IN OTHER WORDS
Defence Secretary Donald Rumsfeld was appropriately cautious in reacting to the discovery of a suspected nerve-agent weapon in Baghdad last week. There have been myriad false alarms in the thus-far fruitless search for weapons of mass destruction in Iraq. At this point no one can be certain whether the artillery shell rigged as a roadside bomb really did contain deadly sarin and, if so, what significance that may have.
The shell was discovered by an US convoy last Saturday. It partially detonated before an ordnance team could disable it, dispersing a small amount of the chemical contents. Indeed, they speculate that whoever made the bomb may have had no idea that the shell contained chemical agents rather than explosives. The lack of lethality may simply indicate that the agent had long ago lost its punch.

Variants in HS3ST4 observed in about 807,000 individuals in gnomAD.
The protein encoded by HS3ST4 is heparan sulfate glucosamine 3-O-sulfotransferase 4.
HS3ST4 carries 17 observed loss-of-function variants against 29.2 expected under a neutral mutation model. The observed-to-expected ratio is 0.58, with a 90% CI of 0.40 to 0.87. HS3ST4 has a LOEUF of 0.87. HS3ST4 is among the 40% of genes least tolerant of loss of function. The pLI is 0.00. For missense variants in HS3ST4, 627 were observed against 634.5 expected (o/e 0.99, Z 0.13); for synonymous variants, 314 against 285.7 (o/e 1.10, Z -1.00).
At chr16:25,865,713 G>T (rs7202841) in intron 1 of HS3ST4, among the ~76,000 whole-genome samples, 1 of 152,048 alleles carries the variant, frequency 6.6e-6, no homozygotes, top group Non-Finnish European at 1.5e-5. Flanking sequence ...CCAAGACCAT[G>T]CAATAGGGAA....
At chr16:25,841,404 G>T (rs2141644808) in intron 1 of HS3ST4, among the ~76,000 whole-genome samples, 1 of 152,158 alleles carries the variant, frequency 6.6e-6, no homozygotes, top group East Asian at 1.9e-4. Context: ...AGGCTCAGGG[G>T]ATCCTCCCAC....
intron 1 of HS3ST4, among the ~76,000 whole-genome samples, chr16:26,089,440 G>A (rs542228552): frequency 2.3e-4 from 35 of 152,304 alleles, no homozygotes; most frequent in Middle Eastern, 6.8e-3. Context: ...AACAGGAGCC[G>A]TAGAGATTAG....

If laboratory tests confirm the presence of sarin, that finding may not tell us much about whether Saddam Hussein retained a hidden chemical arsenal after supposedly destroying it. The dwindling band of die-hards who remain convinced that Hussein squirreled away stockpiles of illicit weapons worry that insurgents may use them against US forces. But finding some residual weapons that had escaped a large-scale destruction program would be no great surprise — and if the chemicals had degraded, no major threat. — The New York Times